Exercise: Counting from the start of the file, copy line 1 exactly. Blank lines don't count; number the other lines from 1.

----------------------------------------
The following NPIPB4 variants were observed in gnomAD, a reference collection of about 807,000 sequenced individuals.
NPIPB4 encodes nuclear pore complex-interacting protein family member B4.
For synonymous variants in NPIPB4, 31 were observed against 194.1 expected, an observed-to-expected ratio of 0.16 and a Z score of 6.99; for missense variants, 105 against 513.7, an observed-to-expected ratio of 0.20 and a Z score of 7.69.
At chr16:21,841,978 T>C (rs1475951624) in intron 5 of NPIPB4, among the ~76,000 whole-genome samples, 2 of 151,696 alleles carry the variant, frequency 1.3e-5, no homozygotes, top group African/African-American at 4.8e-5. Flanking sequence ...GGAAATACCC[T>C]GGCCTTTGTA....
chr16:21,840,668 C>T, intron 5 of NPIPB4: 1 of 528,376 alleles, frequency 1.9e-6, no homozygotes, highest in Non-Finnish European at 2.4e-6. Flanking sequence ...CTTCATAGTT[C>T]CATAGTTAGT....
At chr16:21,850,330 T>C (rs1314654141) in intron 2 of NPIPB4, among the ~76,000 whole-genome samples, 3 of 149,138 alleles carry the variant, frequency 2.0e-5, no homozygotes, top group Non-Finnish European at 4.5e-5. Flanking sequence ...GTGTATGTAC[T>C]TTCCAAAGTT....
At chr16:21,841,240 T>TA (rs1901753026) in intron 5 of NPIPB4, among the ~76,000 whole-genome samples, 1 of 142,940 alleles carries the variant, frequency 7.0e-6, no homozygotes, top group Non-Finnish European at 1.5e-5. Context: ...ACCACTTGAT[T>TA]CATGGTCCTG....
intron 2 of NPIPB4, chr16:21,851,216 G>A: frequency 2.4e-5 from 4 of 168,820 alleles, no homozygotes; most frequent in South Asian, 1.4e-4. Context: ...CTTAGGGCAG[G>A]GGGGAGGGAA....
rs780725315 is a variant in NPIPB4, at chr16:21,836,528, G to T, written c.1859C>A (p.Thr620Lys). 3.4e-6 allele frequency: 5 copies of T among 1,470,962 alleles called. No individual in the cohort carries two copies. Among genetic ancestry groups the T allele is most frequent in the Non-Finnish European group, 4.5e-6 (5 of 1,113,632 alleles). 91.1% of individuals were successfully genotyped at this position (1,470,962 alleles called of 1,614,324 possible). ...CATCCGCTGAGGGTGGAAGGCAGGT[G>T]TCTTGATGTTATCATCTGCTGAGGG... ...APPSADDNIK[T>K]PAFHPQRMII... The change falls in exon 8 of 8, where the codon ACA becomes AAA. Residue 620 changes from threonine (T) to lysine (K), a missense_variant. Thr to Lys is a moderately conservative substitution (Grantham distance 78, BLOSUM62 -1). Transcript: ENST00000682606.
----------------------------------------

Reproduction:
The following NPIPB4 variants were observed in gnomAD, a reference collection of about 807,000 sequenced individuals.